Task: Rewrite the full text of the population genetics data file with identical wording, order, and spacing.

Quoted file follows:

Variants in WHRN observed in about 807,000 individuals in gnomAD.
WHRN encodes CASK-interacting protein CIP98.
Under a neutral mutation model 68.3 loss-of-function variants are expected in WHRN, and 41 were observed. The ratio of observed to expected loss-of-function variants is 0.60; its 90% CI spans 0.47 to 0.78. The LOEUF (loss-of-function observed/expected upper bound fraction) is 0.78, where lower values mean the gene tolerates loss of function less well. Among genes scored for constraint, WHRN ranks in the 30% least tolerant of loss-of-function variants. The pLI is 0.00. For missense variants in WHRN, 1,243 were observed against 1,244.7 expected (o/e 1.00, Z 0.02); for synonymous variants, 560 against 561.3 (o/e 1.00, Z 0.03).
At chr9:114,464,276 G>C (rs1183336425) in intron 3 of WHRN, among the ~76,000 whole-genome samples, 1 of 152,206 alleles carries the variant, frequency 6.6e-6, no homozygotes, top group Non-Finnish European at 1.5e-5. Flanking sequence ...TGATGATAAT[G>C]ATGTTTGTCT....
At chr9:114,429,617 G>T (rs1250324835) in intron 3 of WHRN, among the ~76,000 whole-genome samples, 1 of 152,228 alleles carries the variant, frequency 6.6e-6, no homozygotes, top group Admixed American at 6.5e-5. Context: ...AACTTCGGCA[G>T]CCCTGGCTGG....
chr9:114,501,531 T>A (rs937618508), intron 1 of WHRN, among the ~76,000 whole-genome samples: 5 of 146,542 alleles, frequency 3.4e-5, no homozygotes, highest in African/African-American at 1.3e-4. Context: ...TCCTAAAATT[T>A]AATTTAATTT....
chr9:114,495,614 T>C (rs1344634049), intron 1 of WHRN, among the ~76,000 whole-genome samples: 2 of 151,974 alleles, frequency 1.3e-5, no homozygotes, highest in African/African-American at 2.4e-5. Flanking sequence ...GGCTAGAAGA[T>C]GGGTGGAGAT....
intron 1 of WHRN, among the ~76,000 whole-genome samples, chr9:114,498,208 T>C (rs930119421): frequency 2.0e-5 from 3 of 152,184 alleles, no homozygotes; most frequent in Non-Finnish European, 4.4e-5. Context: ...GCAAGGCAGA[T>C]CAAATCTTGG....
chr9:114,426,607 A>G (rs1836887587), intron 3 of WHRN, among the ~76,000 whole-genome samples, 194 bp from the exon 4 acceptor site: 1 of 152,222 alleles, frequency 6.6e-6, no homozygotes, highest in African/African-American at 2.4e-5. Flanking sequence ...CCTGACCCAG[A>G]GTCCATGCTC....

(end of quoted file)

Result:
Variants in WHRN observed in about 807,000 individuals in gnomAD.
WHRN encodes CASK-interacting protein CIP98.
Under a neutral mutation model 68.3 loss-of-function variants are expected in WHRN, and 41 were observed. The ratio of observed to expected loss-of-function variants is 0.60; its 90% CI spans 0.47 to 0.78. The LOEUF (loss-of-function observed/expected upper bound fraction) is 0.78, where lower values mean the gene tolerates loss of function less well. Among genes scored for constraint, WHRN ranks in the 30% least tolerant of loss-of-function variants. The pLI is 0.00. For missense variants in WHRN, 1,243 were observed against 1,244.7 expected (o/e 1.00, Z 0.02); for synonymous variants, 560 against 561.3 (o/e 1.00, Z 0.03).
At chr9:114,464,276 G>C (rs1183336425) in intron 3 of WHRN, among the ~76,000 whole-genome samples, 1 of 152,206 alleles carries the variant, frequency 6.6e-6, no homozygotes, top group Non-Finnish European at 1.5e-5. Flanking sequence ...TGATGATAAT[G>C]ATGTTTGTCT....
At chr9:114,429,617 G>T (rs1250324835) in intron 3 of WHRN, among the ~76,000 whole-genome samples, 1 of 152,228 alleles carries the variant, frequency 6.6e-6, no homozygotes, top group Admixed American at 6.5e-5. Context: ...AACTTCGGCA[G>T]CCCTGGCTGG....
chr9:114,501,531 T>A (rs937618508), intron 1 of WHRN, among the ~76,000 whole-genome samples: 5 of 146,542 alleles, frequency 3.4e-5, no homozygotes, highest in African/African-American at 1.3e-4. Context: ...TCCTAAAATT[T>A]AATTTAATTT....
chr9:114,495,614 T>C (rs1344634049), intron 1 of WHRN, among the ~76,000 whole-genome samples: 2 of 151,974 alleles, frequency 1.3e-5, no homozygotes, highest in African/African-American at 2.4e-5. Flanking sequence ...GGCTAGAAGA[T>C]GGGTGGAGAT....
intron 1 of WHRN, among the ~76,000 whole-genome samples, chr9:114,498,208 T>C (rs930119421): frequency 2.0e-5 from 3 of 152,184 alleles, no homozygotes; most frequent in Non-Finnish European, 4.4e-5. Context: ...GCAAGGCAGA[T>C]CAAATCTTGG....
chr9:114,426,607 A>G (rs1836887587), intron 3 of WHRN, among the ~76,000 whole-genome samples, 194 bp from the exon 4 acceptor site: 1 of 152,222 alleles, frequency 6.6e-6, no homozygotes, highest in African/African-American at 2.4e-5. Flanking sequence ...CCTGACCCAG[A>G]GTCCATGCTC....